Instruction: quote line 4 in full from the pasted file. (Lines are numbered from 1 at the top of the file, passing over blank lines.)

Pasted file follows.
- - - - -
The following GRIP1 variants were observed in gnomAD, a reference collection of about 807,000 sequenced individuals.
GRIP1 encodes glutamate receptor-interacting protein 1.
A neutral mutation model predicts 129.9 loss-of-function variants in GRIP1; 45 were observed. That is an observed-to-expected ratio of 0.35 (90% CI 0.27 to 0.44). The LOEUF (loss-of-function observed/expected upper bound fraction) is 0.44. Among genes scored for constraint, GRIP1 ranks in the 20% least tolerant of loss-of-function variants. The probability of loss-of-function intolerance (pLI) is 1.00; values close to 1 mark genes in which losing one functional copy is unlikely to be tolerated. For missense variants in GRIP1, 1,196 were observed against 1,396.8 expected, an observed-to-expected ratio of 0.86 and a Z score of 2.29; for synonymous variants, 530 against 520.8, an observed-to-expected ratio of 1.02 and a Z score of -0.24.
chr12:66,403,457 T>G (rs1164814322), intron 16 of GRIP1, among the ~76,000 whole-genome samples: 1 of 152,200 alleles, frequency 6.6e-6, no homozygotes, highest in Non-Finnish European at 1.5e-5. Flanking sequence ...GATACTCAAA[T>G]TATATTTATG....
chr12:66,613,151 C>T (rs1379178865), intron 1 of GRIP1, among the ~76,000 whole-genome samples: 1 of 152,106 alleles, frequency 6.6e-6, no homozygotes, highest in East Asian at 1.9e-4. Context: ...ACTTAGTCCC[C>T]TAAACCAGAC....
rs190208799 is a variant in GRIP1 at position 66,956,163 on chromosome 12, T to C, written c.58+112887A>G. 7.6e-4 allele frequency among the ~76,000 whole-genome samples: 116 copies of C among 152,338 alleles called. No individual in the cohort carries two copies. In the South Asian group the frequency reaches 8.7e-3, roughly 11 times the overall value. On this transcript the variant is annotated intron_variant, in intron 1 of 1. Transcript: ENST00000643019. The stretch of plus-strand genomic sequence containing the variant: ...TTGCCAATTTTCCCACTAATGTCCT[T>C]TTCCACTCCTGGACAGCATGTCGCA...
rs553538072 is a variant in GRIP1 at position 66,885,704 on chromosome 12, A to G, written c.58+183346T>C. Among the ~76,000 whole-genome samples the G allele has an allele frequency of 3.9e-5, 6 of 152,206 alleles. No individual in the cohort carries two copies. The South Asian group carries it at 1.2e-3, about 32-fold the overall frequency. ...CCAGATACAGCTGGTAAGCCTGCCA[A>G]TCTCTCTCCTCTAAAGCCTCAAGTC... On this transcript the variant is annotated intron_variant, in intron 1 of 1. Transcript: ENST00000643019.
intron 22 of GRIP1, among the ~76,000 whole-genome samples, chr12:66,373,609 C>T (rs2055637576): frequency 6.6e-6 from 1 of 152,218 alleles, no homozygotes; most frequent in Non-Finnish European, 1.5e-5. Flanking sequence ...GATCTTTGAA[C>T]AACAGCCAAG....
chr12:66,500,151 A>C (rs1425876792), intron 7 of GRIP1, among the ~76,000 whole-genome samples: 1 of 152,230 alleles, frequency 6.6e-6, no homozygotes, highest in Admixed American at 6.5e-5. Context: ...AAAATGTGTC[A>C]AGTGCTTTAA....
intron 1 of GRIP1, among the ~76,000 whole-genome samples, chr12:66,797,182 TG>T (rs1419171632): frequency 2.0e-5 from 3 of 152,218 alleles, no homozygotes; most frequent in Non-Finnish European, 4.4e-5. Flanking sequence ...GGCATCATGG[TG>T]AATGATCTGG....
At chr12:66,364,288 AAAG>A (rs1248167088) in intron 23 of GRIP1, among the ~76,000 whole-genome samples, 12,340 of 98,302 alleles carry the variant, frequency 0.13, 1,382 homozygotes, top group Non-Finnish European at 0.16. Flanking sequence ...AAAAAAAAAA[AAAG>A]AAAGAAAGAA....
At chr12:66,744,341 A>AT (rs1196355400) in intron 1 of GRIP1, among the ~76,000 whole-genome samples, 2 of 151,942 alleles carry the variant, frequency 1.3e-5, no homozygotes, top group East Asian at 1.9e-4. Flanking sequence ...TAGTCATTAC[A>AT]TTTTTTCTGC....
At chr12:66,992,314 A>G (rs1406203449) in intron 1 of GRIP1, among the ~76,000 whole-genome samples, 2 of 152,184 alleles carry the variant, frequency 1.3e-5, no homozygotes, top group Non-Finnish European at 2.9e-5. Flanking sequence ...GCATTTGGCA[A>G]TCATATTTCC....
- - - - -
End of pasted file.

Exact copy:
chr12:66,403,457 T>G (rs1164814322), intron 16 of GRIP1, among the ~76,000 whole-genome samples: 1 of 152,200 alleles, frequency 6.6e-6, no homozygotes, highest in Non-Finnish European at 1.5e-5. Flanking sequence ...GATACTCAAA[T>G]TATATTTATG....